1:72 Scale Diecast Metal – Messerschmitt Me-262 Schwalbe / Sturmvogel (Swallow / Storm bird) – Length: 5.75" Wingspan: 6.75”
This Me-262 model is a single seat plane. The cockpit is glue shut. It has no pilot/crew figures included. The landing gear is modeled in the retracted position. A display stand is included.
This is really a "no-play" model or a "display-only" model. It is mostly metal and very heavy. It also has a number of antennas which look great but are very fragile. If you have small kids that like to play with your models, save yourself some frustration (and money) and wait till later to get a model like this one. The box is labeled as not suitable for children under 14.
The maker of this model, Oxford, did a good job with this model, specifically the color scheme and the markings are very crisp and clear. The panel lines and hatches are very nicely done (engraved).
The box measures at 7.5 inches by 7.5 inches by 3.25 inches.
The Messerschmitt Me 262 Schwalbe / Sturmvogel (English: "Swallow"/ "Storm Bird") of Nazi Germany was the world's first operational jet-powered fighter aircraft. Design work started beforeWorld War II began, but engine problems and top-level interference kept the aircraft from operational status with the Luftwaffe until mid-1944. Heavily armed, it was faster than any Allied fighter, including the British jet-powered Gloster Meteor. One of the most advanced aviation designs in operational use during World War II, the Me 262 was used in a variety of roles, including light bomber,reconnaissance, and even experimental night fighter versions.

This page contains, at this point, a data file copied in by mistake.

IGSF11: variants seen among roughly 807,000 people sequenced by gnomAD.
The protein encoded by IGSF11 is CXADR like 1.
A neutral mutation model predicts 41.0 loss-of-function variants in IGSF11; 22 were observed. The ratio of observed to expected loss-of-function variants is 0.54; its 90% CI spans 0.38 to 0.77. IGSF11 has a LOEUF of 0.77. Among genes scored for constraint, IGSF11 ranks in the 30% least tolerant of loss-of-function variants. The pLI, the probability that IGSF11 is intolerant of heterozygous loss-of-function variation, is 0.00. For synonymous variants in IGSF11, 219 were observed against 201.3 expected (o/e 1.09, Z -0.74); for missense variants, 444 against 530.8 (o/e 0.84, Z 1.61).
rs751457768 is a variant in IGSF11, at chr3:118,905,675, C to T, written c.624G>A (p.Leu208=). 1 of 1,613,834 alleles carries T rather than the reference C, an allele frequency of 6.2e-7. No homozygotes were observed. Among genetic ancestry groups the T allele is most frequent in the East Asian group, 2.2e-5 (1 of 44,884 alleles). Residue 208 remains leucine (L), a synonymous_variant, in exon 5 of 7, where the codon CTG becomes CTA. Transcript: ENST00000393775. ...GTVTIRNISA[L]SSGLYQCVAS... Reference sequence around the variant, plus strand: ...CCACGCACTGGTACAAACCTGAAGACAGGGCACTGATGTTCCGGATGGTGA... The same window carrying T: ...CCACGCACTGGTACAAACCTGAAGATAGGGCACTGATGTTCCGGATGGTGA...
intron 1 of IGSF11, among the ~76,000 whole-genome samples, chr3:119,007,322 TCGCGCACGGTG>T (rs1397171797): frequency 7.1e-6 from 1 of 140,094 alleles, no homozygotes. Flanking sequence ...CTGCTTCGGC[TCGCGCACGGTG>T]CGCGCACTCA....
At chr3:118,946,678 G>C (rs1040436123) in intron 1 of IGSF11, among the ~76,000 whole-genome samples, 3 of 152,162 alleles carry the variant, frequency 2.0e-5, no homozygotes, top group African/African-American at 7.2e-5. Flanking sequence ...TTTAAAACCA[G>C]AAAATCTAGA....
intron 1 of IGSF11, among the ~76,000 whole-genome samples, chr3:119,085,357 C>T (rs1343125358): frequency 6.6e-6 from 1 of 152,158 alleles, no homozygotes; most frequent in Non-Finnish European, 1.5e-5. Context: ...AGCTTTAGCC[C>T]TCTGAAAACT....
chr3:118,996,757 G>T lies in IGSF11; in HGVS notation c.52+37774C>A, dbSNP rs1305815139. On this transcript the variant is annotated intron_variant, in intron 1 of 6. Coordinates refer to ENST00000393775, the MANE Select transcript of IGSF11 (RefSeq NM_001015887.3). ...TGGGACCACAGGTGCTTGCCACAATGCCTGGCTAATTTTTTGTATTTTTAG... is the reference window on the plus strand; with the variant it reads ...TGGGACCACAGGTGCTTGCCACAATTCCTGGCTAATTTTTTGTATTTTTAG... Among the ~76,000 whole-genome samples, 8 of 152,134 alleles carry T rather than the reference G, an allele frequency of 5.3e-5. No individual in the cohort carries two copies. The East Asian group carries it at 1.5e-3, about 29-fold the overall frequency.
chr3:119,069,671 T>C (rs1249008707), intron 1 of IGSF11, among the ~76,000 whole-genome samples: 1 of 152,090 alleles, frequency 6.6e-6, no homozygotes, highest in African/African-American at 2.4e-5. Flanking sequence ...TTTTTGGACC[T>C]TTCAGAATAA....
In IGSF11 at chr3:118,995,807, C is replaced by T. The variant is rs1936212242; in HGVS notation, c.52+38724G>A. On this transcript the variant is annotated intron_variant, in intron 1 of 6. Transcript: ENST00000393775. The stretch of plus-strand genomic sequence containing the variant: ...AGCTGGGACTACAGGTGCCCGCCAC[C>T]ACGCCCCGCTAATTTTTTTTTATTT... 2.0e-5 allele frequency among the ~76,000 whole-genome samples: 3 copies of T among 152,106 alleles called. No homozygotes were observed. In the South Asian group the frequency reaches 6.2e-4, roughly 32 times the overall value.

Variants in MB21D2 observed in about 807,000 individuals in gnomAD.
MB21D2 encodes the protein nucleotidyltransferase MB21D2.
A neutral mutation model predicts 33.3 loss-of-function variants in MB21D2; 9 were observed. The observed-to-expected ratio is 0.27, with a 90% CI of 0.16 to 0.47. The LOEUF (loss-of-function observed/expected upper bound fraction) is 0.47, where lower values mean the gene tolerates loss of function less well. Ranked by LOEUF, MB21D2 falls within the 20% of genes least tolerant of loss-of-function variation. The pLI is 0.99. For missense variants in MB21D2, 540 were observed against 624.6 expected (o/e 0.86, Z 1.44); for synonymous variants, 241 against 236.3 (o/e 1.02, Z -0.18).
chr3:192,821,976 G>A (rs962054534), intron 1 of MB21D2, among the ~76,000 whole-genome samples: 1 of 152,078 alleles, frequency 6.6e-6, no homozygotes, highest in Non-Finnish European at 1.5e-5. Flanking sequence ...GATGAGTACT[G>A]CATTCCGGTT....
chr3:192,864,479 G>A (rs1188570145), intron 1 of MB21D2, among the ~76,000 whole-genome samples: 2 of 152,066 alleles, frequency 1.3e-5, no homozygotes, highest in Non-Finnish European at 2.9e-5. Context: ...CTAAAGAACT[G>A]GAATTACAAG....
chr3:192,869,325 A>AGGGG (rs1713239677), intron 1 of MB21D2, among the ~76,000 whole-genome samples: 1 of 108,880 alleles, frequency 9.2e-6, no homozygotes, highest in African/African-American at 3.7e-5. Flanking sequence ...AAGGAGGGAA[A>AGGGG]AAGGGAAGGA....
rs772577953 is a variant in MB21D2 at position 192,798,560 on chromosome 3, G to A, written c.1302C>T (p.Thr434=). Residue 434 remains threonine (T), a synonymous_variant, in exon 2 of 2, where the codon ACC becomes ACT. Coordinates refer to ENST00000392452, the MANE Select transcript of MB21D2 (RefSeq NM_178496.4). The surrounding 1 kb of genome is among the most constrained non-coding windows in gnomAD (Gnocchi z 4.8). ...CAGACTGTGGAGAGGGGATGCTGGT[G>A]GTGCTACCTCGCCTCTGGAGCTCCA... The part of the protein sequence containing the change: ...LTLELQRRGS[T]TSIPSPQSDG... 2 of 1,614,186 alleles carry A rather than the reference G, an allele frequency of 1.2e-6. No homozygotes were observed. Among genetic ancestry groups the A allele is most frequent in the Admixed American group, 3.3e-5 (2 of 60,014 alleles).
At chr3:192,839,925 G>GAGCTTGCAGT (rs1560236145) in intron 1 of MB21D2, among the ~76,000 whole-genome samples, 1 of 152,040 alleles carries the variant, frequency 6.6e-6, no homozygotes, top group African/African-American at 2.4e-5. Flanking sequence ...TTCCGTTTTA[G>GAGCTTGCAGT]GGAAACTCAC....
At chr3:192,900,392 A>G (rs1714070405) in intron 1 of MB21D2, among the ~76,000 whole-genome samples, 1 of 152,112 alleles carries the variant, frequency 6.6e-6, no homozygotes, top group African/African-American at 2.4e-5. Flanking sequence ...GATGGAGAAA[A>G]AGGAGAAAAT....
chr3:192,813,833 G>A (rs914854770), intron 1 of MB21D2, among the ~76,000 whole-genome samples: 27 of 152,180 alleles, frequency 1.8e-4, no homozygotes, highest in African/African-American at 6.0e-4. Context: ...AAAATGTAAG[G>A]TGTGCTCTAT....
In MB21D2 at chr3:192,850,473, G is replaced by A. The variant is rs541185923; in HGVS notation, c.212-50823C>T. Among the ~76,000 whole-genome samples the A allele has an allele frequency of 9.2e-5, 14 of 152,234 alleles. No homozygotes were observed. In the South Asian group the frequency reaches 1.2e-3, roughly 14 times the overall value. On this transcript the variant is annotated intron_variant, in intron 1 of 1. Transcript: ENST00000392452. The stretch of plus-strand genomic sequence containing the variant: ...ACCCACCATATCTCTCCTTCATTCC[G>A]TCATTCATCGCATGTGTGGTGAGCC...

Me 262 pilots claimed a total of 542 Allied kills, although higher claims are sometimes made.[Notes 1]The Allies countered its potential effectiveness in the air by attacking the aircraft on the ground and during takeoff and landing. Engine reliability problems, from the pioneering nature of its Junkers Jumo 004 axial-flow turbojet engines—the first ever placed in mass production—and attacks by Allied forces on fuel supplies during the deteriorating late-war situation also reduced the effectiveness of the aircraft as a fighting force. In the end, the Me 262 had a negligible impact on the course of the war as a result of its late introduction and the consequently small numbers put in operational service.
While German use of the aircraft ended with the close of the Second World War, a small number were operated by the Czechoslovak Air Force until 1951. Captured Me 262s were studied and flight tested by the major powers, and ultimately influenced the designs of a number of post-war aircraft such as the North American F-86 Sabre and Boeing B-47 Stratojet. A number of aircraft have survived on static display in museums, and there have also been several privately-built flying reproductions.